Staffing Management

Auto Enrollment Helps Push Record Defined Contribution Plan Participation

By Staff Report

May. 27, 2011

Aided by increased employer adoption of automatic enrollment programs, a record percentage of employees are participating in 401(k) and other defined contribution plans, according to an analysis released May 24.


The Aon Hewitt analysis found that in 2010, an average of 75.8 percent of eligible employees participated in their company’s defined contribution plans, up from 73.7 percent in 2009 and 67.2 percent in 2005.


Aon Hewitt says the increased participation rate is due in large part to increased employer adoption of automatic enrollment programs. Under such programs, employees who don’t choose one way or another are automatically enrolled, unless they specifically object.


Sixty percent of the 120 employers whose plans were analyzed had an automatic enrollment feature in 2010, up from just 24 percent in 2006. In 2006, Congress passed legislation removing certain roadblocks that discouraged employers from offering automatic enrollment, while later Labor Department rules gave employers offering automatic enrollment programs protection from fiduciary liability if they met certain requirements.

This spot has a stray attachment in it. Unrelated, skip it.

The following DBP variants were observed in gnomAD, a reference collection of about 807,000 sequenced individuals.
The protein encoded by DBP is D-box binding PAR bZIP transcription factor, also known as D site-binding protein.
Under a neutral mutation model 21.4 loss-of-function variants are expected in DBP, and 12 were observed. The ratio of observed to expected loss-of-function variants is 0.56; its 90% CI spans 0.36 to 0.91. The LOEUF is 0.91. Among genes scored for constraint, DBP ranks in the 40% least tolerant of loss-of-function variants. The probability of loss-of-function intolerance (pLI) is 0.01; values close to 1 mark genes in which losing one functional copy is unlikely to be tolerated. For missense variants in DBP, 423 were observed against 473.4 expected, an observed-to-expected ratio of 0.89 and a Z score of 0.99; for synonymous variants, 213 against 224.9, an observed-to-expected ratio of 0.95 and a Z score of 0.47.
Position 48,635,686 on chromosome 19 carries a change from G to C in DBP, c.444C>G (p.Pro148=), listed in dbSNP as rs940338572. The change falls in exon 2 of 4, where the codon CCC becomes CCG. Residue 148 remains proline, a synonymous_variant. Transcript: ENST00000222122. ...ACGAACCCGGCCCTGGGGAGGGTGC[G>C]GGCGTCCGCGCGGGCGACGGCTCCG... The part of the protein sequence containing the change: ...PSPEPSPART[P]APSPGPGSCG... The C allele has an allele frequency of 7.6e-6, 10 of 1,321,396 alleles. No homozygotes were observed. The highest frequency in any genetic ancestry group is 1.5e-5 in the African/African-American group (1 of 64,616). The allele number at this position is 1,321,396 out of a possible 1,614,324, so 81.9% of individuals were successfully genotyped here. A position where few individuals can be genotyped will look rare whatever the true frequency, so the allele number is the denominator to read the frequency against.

Among employees subject to automatic enrollment, 85.3 percent participated in the plan, about 18 percentage points higher than those not subject to automatic enrollment. Typically, employers only offer automatic enrollment to new employees.


While participation in defined contribution plans is rising, employee contributions are not. In 2010, employee pretax contributions averaged 7.3 percent of pay, unchanged from 2009 and down from an average of 7.7 percent in 2007.


Aon Hewitt says the growth in automatic enrollment programs may be adversely affecting the average employee contribution rate. That’s because contribution rates for employees subject to automatic enrollment averaged 6.8 percent of pay compared with an average contribution rate of 7.8 percent for those who actively enrolled. The reason for the big contribution difference rate between the two groups is that most employers with automatic enrollment programs set the default contribution rate at 4 percent of pay or less.


In addition, just under 30 percent of defined contribution plan participants don’t contribute enough to receive a matching employer contribution, the analysis found.
The analysis also found that participants’ account balances averaged $76,020 at the end of 2010, up from $70,970 a year earlier, but still below the 2007 level of $79,570.  


Filed by Jerry Geisel of Business Insurance, a sister publication of Workforce Management. To comment, email editors@workforce.com.


 


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